Document Type Master's Dissertation Author Du Plessis, Germien firstname.lastname@example.org URN etd-03122010-141825 Document Title An exploration of the determinants of South Africa’s personal savings rate - Why do South African households save so little? Degree MBA Department Gordon Institute of Business Science Supervisor
Advisor Name Title Prof A Saville Committee Chair Keywords
Date 2008-11-13 Availability unrestricted Abstract
Savings plays an important role as a national buffer against international capital fluctuations and as a critical ingredient for economic growth. South Africa has a low national savings rate by international standards, an outcome that has flowed from a declining trend in domestic savings in recent years, to the point where the South African Reserve Bank reported that households had started to dis-save during 2006 and 2007. In view of the importance of savings, the state of South African savings is cause for concern. The determinants of household saving have been examined extensively in the literature on savings behaviour. The application of the theoretical determinants of savings to specific economies, however, has been the subject of debate as a result of the dynamic nature of savings behaviour and the fact that the interaction between theoretical savings determinants (and therefore the anticipated savings behaviour outcome) is influenced by country-specific social, demographic and economic conditions.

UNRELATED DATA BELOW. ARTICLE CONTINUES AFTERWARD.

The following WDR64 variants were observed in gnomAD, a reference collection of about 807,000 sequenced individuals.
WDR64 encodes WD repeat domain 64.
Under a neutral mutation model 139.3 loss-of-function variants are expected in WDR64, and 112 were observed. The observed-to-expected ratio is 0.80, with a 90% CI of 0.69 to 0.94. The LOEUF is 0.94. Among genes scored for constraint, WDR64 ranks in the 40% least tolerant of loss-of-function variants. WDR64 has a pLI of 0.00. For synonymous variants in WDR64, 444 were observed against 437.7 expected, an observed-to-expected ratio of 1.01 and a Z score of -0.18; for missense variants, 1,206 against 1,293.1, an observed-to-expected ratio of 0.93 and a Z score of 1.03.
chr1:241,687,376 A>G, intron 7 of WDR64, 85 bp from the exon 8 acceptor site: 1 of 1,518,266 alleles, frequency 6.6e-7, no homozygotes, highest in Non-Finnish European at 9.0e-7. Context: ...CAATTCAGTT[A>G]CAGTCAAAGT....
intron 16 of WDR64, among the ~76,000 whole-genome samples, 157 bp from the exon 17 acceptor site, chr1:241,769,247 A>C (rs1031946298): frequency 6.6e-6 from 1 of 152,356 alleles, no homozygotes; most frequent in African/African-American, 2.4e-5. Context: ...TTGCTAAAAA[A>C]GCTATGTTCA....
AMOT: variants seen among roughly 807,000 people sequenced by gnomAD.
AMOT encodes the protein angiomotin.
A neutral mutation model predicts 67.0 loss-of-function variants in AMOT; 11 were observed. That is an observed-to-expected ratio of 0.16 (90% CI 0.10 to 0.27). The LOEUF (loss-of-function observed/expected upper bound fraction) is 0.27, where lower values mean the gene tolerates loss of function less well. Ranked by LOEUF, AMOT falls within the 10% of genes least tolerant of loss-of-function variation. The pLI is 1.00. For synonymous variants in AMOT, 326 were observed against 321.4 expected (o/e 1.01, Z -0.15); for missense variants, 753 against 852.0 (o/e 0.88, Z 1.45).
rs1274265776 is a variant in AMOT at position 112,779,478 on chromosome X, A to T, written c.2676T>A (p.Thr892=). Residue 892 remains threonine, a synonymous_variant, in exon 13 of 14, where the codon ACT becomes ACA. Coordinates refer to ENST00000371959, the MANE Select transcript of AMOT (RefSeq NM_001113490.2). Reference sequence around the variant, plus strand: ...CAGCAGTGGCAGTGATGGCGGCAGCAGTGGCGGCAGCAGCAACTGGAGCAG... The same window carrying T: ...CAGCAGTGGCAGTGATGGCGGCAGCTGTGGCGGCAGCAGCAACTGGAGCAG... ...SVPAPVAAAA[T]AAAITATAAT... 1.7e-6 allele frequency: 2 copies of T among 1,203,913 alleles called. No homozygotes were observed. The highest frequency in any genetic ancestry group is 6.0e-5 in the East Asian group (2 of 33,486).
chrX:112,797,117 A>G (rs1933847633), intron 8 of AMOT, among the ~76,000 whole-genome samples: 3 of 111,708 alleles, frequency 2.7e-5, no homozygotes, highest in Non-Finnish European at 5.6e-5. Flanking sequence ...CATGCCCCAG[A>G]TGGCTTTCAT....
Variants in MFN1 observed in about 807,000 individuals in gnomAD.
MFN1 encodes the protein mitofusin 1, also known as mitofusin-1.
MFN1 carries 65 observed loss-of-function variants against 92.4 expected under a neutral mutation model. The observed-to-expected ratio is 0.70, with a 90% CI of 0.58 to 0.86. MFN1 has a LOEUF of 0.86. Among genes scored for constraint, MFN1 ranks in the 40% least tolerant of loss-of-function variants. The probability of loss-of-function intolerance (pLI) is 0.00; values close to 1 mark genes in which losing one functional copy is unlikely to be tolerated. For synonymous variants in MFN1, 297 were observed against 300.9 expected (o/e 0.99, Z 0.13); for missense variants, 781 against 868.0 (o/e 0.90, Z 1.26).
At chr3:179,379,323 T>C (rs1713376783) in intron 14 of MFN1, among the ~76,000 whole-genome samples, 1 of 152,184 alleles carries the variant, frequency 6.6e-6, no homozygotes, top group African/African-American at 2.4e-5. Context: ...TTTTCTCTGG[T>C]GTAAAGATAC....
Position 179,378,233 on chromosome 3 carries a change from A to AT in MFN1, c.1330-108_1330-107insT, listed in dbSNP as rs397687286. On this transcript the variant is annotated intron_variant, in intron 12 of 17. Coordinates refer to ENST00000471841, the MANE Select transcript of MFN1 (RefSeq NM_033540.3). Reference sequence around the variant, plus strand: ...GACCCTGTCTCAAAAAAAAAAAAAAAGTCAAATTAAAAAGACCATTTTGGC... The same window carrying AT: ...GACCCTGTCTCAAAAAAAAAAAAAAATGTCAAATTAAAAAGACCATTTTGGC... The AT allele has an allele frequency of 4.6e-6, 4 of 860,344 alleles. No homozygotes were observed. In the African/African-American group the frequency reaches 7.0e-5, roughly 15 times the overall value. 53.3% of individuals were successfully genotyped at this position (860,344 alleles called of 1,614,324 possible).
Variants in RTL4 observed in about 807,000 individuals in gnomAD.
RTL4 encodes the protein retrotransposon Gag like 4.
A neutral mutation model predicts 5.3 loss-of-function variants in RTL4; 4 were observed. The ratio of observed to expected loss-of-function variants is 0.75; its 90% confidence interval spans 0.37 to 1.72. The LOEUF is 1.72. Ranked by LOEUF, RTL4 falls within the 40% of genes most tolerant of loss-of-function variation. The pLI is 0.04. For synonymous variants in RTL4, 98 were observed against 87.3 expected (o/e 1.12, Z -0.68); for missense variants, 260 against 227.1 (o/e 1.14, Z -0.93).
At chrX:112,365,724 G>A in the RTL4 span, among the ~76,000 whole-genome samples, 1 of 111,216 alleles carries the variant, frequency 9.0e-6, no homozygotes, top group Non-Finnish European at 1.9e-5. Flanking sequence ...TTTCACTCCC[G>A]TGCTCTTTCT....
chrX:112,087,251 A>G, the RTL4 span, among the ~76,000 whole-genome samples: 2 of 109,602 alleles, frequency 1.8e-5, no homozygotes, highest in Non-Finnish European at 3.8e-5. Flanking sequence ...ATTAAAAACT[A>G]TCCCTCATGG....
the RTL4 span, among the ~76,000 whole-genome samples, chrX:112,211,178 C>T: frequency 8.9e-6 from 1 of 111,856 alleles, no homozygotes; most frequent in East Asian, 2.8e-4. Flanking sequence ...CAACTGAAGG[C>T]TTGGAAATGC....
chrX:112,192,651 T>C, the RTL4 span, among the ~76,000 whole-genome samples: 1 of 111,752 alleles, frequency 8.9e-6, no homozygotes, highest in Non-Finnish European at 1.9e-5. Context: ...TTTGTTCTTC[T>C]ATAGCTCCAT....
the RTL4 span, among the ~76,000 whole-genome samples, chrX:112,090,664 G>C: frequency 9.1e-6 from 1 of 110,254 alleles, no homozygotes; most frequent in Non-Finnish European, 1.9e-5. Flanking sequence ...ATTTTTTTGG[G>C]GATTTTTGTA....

Accordingly, this paper seeks to distil the determinants of South African household savings behaviour with reference to the expert opinions of South African economists, to gain an understanding of the actions to be taken in order to improve the savings behaviour of South African households. The key findings of the study indicate that South African household savings are impacted negatively by the prevalence of an aspirational culture in which consumption is encouraged by access to credit facilitated by South Africa’s sophisticated financial sector. In addition, governmental policies with regard to wealth distribution and welfare payments contribute to the creation of a culture of dependence and a reduction in household savings.
The outcome of the study has various policy implications, including the proposals that government should be engaged to increase financial education of consumers and that the use of fiscal tools (such as tax incentives to encourage savings) and compulsory savings schemes, should be considered.
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Please cite as follows:
Du Plessis, G 2008, An exploration of the determinants of South Africa’s personal savings rate - Why do South African households save so little?, MBA dissertation, University of Pretoria, Pretoria, viewed yymmdd < http://upetd.up.ac.za/thesis/available/etd-03122010-141825/ >G10/19/mh
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